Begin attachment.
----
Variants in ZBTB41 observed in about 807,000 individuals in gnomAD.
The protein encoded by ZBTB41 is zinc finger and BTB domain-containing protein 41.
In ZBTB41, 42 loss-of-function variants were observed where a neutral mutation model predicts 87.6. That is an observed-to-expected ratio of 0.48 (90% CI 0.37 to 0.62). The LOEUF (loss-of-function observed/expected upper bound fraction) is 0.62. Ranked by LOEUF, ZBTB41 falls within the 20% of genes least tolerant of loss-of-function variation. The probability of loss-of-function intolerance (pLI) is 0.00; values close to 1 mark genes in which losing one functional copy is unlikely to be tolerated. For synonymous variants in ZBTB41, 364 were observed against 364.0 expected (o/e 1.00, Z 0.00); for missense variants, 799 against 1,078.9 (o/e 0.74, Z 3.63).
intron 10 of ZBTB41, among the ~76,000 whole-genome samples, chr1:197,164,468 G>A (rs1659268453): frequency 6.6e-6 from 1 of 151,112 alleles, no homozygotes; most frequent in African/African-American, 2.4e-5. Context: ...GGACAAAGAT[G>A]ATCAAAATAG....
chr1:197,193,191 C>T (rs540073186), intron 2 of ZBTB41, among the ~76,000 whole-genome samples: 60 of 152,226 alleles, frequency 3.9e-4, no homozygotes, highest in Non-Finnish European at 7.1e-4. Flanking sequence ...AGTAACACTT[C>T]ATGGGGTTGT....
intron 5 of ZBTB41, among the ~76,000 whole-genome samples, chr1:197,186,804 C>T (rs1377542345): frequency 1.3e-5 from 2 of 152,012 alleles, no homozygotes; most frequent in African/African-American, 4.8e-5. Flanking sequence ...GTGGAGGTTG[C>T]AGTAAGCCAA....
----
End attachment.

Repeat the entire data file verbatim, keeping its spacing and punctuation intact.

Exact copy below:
Variants in ZBTB41 observed in about 807,000 individuals in gnomAD.
The protein encoded by ZBTB41 is zinc finger and BTB domain-containing protein 41.
In ZBTB41, 42 loss-of-function variants were observed where a neutral mutation model predicts 87.6. That is an observed-to-expected ratio of 0.48 (90% CI 0.37 to 0.62). The LOEUF (loss-of-function observed/expected upper bound fraction) is 0.62. Ranked by LOEUF, ZBTB41 falls within the 20% of genes least tolerant of loss-of-function variation. The probability of loss-of-function intolerance (pLI) is 0.00; values close to 1 mark genes in which losing one functional copy is unlikely to be tolerated. For synonymous variants in ZBTB41, 364 were observed against 364.0 expected (o/e 1.00, Z 0.00); for missense variants, 799 against 1,078.9 (o/e 0.74, Z 3.63).
intron 10 of ZBTB41, among the ~76,000 whole-genome samples, chr1:197,164,468 G>A (rs1659268453): frequency 6.6e-6 from 1 of 151,112 alleles, no homozygotes; most frequent in African/African-American, 2.4e-5. Context: ...GGACAAAGAT[G>A]ATCAAAATAG....
chr1:197,193,191 C>T (rs540073186), intron 2 of ZBTB41, among the ~76,000 whole-genome samples: 60 of 152,226 alleles, frequency 3.9e-4, no homozygotes, highest in Non-Finnish European at 7.1e-4. Flanking sequence ...AGTAACACTT[C>T]ATGGGGTTGT....
intron 5 of ZBTB41, among the ~76,000 whole-genome samples, chr1:197,186,804 C>T (rs1377542345): frequency 1.3e-5 from 2 of 152,012 alleles, no homozygotes; most frequent in African/African-American, 4.8e-5. Flanking sequence ...GTGGAGGTTG[C>T]AGTAAGCCAA....